Are you curious to know if any endangered animals are making a comeback? Many ecosystems and animals are suffering from pollution, habitat destruction and climate change, some animals are happily getting the crucial support they need, which is encouraging news indeed.
After being nearly wiped out in the 1930’s, the Gray Wolf population is up to 5,000 in the lower 48 states. The Bush administration recently removed the Gray Wolf from the endangered species act after the population had risen, but some argued that 5,000 is not enough, so a Federal Judge overturned that ruling and put the Gray Wolf back on the list.
When I was growing up, the Giant Panda seemed doomed to extinction, but thanks to extensive captive breeding, the population remains stable at about 1,500 and their habitat has been promised extensive protection by the Chinese government.
Reduced to 417 breeding pairs in the 1960s by the ravage of DDT, Bald Eagles have made a huge comeback and have been removed from the endangered species list. There are now about 10,000 breeding pairs in the wild.
Black Footed Ferret
Black Footed Ferrets were given up for extinct in 1979, but when a small population was discovered, captive breeding and artificial insemination programs have brought the population back up to 4,000, with 1,400 having been released into the wild.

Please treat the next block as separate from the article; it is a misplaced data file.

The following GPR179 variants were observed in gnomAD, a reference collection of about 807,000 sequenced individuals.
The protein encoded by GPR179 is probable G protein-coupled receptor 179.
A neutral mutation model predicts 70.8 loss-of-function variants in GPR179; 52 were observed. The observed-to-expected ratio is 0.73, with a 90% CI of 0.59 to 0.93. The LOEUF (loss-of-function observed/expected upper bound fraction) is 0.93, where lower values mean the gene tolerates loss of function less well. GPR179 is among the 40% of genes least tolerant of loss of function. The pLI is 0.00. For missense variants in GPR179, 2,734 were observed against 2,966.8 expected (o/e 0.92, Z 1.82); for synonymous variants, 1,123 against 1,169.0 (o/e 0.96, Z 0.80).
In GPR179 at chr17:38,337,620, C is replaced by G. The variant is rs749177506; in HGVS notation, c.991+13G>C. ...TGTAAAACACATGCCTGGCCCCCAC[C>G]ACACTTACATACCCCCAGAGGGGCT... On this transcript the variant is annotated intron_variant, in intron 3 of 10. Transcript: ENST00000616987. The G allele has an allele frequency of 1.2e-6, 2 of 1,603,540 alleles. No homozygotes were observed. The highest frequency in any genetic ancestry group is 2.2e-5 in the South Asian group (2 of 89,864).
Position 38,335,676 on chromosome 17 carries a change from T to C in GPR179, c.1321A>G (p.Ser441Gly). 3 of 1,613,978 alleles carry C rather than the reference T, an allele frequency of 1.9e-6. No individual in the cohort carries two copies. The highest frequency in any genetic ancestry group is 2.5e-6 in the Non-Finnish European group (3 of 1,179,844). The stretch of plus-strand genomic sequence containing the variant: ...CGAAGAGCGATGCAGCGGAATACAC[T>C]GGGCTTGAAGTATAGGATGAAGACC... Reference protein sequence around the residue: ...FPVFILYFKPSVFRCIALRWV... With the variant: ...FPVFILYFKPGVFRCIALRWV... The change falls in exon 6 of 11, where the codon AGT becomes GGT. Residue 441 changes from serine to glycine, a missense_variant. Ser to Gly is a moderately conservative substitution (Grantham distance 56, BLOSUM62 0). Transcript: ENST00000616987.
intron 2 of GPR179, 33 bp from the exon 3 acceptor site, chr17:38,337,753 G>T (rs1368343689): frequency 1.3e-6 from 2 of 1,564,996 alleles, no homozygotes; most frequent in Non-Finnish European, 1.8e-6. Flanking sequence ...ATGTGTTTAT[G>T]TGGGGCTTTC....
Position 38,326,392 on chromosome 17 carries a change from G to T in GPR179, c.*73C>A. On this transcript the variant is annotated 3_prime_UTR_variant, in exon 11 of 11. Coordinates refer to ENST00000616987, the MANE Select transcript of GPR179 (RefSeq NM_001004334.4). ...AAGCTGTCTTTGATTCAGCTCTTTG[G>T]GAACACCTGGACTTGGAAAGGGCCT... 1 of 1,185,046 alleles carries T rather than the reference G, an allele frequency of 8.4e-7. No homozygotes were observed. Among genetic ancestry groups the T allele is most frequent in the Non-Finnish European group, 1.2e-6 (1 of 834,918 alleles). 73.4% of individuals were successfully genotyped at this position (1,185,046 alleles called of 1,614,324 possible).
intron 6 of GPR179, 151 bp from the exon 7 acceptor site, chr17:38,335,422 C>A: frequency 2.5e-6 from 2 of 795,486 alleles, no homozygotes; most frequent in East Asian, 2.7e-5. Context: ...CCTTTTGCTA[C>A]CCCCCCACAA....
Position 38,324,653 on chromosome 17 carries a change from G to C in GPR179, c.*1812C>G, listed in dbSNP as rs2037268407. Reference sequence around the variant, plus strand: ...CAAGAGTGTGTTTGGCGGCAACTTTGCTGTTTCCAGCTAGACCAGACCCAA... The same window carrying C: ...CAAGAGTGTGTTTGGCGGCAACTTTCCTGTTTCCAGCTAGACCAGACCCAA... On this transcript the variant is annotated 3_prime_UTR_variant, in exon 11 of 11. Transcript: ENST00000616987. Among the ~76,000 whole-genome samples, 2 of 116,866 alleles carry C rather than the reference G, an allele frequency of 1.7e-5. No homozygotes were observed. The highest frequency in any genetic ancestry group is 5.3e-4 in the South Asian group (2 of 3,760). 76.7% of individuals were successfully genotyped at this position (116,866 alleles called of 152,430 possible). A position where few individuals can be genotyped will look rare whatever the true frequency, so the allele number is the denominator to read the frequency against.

Hunted down to only about 1,500 in the 1940s, the Humpback Whale has made a dramatic comeback after a 1963 ban on hunting. Now there are approximately 40,000 of them inhabiting our oceans. Unfortunately, the Japanese have begun hunting them again even though they are still protected. Humpbacks are still officially considered endangered.
The Yangtze Alligator of China was nearly wiped out in the 1980s as forests were destroyed and turned into farmlands. This 230 million year old species, considered a living fossil, now has about 150 living in the wild. Some alligators been bred in captivity over the years and released into the wild to help the species out.
Although the total population is still small, Australia’s Regent Honeyeater is making a definite comeback. Some birds had been bred in captivity and released into the wild, and encouragingly enough, most of them survived and adapted quickly.